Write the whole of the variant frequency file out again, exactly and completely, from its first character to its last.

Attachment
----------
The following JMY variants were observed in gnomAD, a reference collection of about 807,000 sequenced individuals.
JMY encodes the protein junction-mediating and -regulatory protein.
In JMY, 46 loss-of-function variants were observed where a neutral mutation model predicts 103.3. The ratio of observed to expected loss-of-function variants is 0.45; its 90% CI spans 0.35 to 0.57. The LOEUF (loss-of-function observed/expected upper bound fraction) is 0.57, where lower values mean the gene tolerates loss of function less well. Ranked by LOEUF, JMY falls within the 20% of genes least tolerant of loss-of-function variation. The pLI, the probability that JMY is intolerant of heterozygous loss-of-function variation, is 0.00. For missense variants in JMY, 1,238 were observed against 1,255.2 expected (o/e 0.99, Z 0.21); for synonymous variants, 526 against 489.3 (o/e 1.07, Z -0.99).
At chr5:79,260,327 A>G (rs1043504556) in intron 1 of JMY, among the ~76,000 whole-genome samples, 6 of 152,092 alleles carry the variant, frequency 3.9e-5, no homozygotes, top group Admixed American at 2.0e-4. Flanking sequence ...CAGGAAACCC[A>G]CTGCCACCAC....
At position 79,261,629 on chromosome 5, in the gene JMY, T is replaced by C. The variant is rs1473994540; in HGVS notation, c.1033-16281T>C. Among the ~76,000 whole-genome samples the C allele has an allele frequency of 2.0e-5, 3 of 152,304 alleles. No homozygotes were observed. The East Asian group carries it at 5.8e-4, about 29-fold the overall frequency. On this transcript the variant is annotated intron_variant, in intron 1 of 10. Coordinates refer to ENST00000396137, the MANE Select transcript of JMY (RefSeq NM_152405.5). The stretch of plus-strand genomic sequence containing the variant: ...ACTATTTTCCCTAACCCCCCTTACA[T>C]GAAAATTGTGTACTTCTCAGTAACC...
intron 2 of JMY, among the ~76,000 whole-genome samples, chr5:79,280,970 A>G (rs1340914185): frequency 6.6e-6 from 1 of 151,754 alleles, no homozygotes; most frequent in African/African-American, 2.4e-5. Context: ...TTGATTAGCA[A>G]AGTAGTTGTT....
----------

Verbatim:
The following JMY variants were observed in gnomAD, a reference collection of about 807,000 sequenced individuals.
JMY encodes the protein junction-mediating and -regulatory protein.
In JMY, 46 loss-of-function variants were observed where a neutral mutation model predicts 103.3. The ratio of observed to expected loss-of-function variants is 0.45; its 90% CI spans 0.35 to 0.57. The LOEUF (loss-of-function observed/expected upper bound fraction) is 0.57, where lower values mean the gene tolerates loss of function less well. Ranked by LOEUF, JMY falls within the 20% of genes least tolerant of loss-of-function variation. The pLI, the probability that JMY is intolerant of heterozygous loss-of-function variation, is 0.00. For missense variants in JMY, 1,238 were observed against 1,255.2 expected (o/e 0.99, Z 0.21); for synonymous variants, 526 against 489.3 (o/e 1.07, Z -0.99).
At chr5:79,260,327 A>G (rs1043504556) in intron 1 of JMY, among the ~76,000 whole-genome samples, 6 of 152,092 alleles carry the variant, frequency 3.9e-5, no homozygotes, top group Admixed American at 2.0e-4. Flanking sequence ...CAGGAAACCC[A>G]CTGCCACCAC....
At position 79,261,629 on chromosome 5, in the gene JMY, T is replaced by C. The variant is rs1473994540; in HGVS notation, c.1033-16281T>C. Among the ~76,000 whole-genome samples the C allele has an allele frequency of 2.0e-5, 3 of 152,304 alleles. No homozygotes were observed. The East Asian group carries it at 5.8e-4, about 29-fold the overall frequency. On this transcript the variant is annotated intron_variant, in intron 1 of 10. Coordinates refer to ENST00000396137, the MANE Select transcript of JMY (RefSeq NM_152405.5). The stretch of plus-strand genomic sequence containing the variant: ...ACTATTTTCCCTAACCCCCCTTACA[T>C]GAAAATTGTGTACTTCTCAGTAACC...
intron 2 of JMY, among the ~76,000 whole-genome samples, chr5:79,280,970 A>G (rs1340914185): frequency 6.6e-6 from 1 of 151,754 alleles, no homozygotes; most frequent in African/African-American, 2.4e-5. Context: ...TTGATTAGCA[A>G]AGTAGTTGTT....